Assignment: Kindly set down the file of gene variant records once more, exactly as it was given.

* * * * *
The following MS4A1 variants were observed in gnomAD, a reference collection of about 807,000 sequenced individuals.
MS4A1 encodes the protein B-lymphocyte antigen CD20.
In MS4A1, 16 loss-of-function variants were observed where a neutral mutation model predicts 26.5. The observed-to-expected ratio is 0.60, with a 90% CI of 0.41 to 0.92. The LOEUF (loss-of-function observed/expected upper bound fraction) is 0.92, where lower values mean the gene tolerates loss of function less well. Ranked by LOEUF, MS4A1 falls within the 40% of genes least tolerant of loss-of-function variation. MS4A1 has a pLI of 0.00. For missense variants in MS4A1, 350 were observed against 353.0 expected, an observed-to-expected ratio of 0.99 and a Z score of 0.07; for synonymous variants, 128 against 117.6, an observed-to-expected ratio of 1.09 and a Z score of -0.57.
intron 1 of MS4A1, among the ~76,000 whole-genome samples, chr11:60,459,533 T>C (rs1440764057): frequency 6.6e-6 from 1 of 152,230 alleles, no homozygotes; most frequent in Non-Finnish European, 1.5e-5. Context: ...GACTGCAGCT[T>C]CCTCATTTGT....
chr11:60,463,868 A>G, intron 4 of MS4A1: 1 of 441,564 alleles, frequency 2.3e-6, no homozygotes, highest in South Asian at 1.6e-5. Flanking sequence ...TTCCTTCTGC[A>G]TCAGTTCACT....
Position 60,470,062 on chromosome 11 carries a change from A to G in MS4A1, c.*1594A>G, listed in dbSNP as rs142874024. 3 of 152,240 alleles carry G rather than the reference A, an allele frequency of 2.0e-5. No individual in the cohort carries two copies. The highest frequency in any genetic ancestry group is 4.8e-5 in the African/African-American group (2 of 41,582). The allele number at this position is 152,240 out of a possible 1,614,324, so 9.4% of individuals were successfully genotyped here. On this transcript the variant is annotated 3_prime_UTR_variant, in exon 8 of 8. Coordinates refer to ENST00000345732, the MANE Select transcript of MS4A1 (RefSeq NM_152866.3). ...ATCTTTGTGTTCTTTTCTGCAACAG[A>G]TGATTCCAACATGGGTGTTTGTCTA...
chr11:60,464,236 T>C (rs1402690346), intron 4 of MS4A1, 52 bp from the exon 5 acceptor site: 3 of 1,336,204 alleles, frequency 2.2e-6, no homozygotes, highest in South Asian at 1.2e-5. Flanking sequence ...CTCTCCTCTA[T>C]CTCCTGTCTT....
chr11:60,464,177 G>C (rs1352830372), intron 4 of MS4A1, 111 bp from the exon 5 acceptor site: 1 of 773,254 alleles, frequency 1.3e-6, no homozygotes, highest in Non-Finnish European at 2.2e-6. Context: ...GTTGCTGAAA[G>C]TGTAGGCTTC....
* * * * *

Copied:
The following MS4A1 variants were observed in gnomAD, a reference collection of about 807,000 sequenced individuals.
MS4A1 encodes the protein B-lymphocyte antigen CD20.
In MS4A1, 16 loss-of-function variants were observed where a neutral mutation model predicts 26.5. The observed-to-expected ratio is 0.60, with a 90% CI of 0.41 to 0.92. The LOEUF (loss-of-function observed/expected upper bound fraction) is 0.92, where lower values mean the gene tolerates loss of function less well. Ranked by LOEUF, MS4A1 falls within the 40% of genes least tolerant of loss-of-function variation. MS4A1 has a pLI of 0.00. For missense variants in MS4A1, 350 were observed against 353.0 expected, an observed-to-expected ratio of 0.99 and a Z score of 0.07; for synonymous variants, 128 against 117.6, an observed-to-expected ratio of 1.09 and a Z score of -0.57.
intron 1 of MS4A1, among the ~76,000 whole-genome samples, chr11:60,459,533 T>C (rs1440764057): frequency 6.6e-6 from 1 of 152,230 alleles, no homozygotes; most frequent in Non-Finnish European, 1.5e-5. Context: ...GACTGCAGCT[T>C]CCTCATTTGT....
chr11:60,463,868 A>G, intron 4 of MS4A1: 1 of 441,564 alleles, frequency 2.3e-6, no homozygotes, highest in South Asian at 1.6e-5. Flanking sequence ...TTCCTTCTGC[A>G]TCAGTTCACT....
Position 60,470,062 on chromosome 11 carries a change from A to G in MS4A1, c.*1594A>G, listed in dbSNP as rs142874024. 3 of 152,240 alleles carry G rather than the reference A, an allele frequency of 2.0e-5. No individual in the cohort carries two copies. The highest frequency in any genetic ancestry group is 4.8e-5 in the African/African-American group (2 of 41,582). The allele number at this position is 152,240 out of a possible 1,614,324, so 9.4% of individuals were successfully genotyped here. On this transcript the variant is annotated 3_prime_UTR_variant, in exon 8 of 8. Coordinates refer to ENST00000345732, the MANE Select transcript of MS4A1 (RefSeq NM_152866.3). ...ATCTTTGTGTTCTTTTCTGCAACAG[A>G]TGATTCCAACATGGGTGTTTGTCTA...
chr11:60,464,236 T>C (rs1402690346), intron 4 of MS4A1, 52 bp from the exon 5 acceptor site: 3 of 1,336,204 alleles, frequency 2.2e-6, no homozygotes, highest in South Asian at 1.2e-5. Flanking sequence ...CTCTCCTCTA[T>C]CTCCTGTCTT....
chr11:60,464,177 G>C (rs1352830372), intron 4 of MS4A1, 111 bp from the exon 5 acceptor site: 1 of 773,254 alleles, frequency 1.3e-6, no homozygotes, highest in Non-Finnish European at 2.2e-6. Context: ...GTTGCTGAAA[G>C]TGTAGGCTTC....